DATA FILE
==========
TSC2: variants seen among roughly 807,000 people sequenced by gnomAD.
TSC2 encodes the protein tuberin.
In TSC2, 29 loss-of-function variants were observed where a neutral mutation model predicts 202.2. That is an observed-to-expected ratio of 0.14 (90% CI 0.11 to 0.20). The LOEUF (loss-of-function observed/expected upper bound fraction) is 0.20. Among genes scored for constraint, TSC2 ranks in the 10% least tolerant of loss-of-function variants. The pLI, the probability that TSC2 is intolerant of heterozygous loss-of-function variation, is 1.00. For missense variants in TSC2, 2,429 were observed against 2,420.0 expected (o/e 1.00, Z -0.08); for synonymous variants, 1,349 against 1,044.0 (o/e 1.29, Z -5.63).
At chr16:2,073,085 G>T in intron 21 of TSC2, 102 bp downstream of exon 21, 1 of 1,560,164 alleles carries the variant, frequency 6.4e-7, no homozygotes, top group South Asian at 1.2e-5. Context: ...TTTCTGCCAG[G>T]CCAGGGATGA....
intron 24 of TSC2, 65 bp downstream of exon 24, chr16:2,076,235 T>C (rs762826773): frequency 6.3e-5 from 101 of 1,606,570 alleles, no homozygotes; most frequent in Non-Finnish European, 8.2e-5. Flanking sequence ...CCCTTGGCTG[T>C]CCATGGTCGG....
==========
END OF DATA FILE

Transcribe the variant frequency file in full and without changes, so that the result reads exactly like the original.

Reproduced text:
TSC2: variants seen among roughly 807,000 people sequenced by gnomAD.
TSC2 encodes the protein tuberin.
In TSC2, 29 loss-of-function variants were observed where a neutral mutation model predicts 202.2. That is an observed-to-expected ratio of 0.14 (90% CI 0.11 to 0.20). The LOEUF (loss-of-function observed/expected upper bound fraction) is 0.20. Among genes scored for constraint, TSC2 ranks in the 10% least tolerant of loss-of-function variants. The pLI, the probability that TSC2 is intolerant of heterozygous loss-of-function variation, is 1.00. For missense variants in TSC2, 2,429 were observed against 2,420.0 expected (o/e 1.00, Z -0.08); for synonymous variants, 1,349 against 1,044.0 (o/e 1.29, Z -5.63).
At chr16:2,073,085 G>T in intron 21 of TSC2, 102 bp downstream of exon 21, 1 of 1,560,164 alleles carries the variant, frequency 6.4e-7, no homozygotes, top group South Asian at 1.2e-5. Context: ...TTTCTGCCAG[G>T]CCAGGGATGA....
intron 24 of TSC2, 65 bp downstream of exon 24, chr16:2,076,235 T>C (rs762826773): frequency 6.3e-5 from 101 of 1,606,570 alleles, no homozygotes; most frequent in Non-Finnish European, 8.2e-5. Flanking sequence ...CCCTTGGCTG[T>C]CCATGGTCGG....